0:06:45.7 LJJ: So Richard, when someone says to you, “You know, I don’t understand how I can take a podcast and use it for my business.” What have you found to be the most compelling reasons to do it? On the flip side if someone wants to do it, but they’re really reticent, this is where an expert like you comes into play.
0:07:05.7 RP: Right. Well, I look back on my history in radio, one of the things that folks really wanted, whether they were business owners or they had an event to promote or they had a story to tell was an interview on the radio. And so they would come on the radio and we would talk about whatever the subject was. And almost always after the microphones went off, they would say, “Could I have a copy of that?” They would want to share it with their mother or their grandma, or their children or whoever it was, but even better than that, maybe they wanted to play it for their clients or some kind of story that was inherent in that exchange would be useful to them.
0:07:51.9 RP: So fast forward to now, where we have this great technology that records for us, and you can take that and use your social media and share it, or maybe it’s an email blast or on your website and share this. So, when folks come calling on you for your company or your organization, there’s already immersive information in a nice neat little package, they can click play and hear all about it, and your engagement has begun before you’ve even met that person. And so that really is how I envisioned it, was taking that radio interview and modernizing it and making it a lot more versatile as a tool for outreach and engagement. And it really is, folks can use modern technology and make this work.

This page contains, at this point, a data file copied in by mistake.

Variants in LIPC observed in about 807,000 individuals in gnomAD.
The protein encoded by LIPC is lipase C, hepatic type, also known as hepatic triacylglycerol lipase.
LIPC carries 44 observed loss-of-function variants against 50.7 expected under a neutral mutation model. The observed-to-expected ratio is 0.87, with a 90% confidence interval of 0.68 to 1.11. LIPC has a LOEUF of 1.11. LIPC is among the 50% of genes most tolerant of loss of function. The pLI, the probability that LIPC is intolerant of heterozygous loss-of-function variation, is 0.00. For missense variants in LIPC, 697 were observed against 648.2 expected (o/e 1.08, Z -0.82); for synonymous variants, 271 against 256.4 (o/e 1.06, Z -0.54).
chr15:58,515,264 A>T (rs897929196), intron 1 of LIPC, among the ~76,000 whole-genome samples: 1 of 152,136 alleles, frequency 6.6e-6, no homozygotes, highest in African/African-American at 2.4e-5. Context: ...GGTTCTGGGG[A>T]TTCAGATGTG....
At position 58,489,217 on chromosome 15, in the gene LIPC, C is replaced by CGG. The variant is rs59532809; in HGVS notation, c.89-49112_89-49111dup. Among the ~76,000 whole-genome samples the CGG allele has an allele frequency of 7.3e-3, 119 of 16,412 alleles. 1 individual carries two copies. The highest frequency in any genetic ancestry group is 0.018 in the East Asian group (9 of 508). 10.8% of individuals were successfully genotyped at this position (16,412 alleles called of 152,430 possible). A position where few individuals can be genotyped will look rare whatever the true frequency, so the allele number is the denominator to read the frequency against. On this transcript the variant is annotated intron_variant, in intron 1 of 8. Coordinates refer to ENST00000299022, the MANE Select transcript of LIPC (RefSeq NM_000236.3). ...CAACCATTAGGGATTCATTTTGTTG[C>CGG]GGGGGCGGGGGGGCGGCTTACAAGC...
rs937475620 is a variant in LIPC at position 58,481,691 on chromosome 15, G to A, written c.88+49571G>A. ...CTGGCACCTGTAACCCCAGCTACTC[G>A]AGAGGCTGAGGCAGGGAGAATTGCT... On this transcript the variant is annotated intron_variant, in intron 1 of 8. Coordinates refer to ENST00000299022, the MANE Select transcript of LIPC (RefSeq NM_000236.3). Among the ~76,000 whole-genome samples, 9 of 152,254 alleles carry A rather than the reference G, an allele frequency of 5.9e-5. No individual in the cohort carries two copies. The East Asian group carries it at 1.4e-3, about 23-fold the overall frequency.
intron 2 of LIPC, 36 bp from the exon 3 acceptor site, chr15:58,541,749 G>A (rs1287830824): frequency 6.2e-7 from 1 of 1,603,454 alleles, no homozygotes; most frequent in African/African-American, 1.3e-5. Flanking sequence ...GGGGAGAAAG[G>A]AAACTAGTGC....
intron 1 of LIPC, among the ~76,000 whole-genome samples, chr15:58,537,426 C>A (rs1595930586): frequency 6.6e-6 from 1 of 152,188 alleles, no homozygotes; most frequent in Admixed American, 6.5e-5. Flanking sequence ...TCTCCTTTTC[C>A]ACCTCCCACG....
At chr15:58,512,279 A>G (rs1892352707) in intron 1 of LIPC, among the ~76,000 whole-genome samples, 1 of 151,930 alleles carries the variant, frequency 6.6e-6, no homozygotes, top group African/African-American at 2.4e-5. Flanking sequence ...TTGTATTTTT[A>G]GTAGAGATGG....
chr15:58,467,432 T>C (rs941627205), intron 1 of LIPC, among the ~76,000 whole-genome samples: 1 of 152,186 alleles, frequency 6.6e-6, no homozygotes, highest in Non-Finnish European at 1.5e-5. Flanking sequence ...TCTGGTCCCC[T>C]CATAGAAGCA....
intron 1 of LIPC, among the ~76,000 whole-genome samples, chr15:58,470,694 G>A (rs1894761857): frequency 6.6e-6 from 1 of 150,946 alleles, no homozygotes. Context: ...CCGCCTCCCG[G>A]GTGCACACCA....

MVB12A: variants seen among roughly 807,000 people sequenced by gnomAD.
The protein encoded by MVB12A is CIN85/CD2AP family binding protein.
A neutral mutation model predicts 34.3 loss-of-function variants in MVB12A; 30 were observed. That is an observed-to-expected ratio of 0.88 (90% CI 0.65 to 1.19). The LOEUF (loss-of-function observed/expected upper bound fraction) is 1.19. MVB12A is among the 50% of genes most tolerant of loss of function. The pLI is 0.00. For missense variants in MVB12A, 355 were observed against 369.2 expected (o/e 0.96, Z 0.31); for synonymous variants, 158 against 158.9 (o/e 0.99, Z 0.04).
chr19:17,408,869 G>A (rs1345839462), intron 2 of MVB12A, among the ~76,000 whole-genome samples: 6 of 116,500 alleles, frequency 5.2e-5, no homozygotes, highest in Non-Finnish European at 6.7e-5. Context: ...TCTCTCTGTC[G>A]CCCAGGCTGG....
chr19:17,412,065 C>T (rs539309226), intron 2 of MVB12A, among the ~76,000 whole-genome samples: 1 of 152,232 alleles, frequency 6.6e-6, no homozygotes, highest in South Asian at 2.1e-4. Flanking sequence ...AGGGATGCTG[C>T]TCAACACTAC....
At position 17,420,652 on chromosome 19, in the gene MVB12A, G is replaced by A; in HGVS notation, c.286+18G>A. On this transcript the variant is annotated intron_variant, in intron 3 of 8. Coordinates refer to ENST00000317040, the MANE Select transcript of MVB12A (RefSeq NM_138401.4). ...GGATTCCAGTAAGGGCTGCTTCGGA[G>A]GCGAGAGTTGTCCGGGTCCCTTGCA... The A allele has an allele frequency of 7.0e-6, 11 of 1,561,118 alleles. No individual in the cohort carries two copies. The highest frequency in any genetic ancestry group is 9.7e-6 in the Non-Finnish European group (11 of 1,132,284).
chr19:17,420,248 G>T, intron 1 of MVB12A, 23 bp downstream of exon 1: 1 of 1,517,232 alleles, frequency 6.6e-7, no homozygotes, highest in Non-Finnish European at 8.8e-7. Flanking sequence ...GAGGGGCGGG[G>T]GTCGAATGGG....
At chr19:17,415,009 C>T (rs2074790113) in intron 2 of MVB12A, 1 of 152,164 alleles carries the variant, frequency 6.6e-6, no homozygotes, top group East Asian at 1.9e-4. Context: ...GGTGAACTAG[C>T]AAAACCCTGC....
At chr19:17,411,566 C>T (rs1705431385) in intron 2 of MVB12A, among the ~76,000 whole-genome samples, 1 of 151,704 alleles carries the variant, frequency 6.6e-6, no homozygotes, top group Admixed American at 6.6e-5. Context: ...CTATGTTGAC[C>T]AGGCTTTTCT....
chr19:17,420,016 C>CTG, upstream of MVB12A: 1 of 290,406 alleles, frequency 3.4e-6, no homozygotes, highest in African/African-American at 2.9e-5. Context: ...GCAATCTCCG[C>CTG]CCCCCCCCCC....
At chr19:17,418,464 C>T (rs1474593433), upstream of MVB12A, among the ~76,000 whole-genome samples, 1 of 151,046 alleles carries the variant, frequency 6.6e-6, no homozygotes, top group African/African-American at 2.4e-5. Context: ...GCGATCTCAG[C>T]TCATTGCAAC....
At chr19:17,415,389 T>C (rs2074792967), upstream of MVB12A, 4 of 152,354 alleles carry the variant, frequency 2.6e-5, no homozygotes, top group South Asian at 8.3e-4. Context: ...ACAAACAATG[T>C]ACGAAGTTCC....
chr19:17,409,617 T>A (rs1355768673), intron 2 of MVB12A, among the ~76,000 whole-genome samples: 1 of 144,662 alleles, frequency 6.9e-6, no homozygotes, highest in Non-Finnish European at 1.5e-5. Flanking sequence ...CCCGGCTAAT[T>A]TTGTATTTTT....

0:08:45.3 LJJ: One of the other things that I love about podcasts is the fact that you can transcribe them, and so if you’re in marketing or if you’re in a business that is… What are they saying now? Content is the royalty, it’s king and queen of everything, you can take really great quotes that people have given you and statistics and be able to help your audience even further.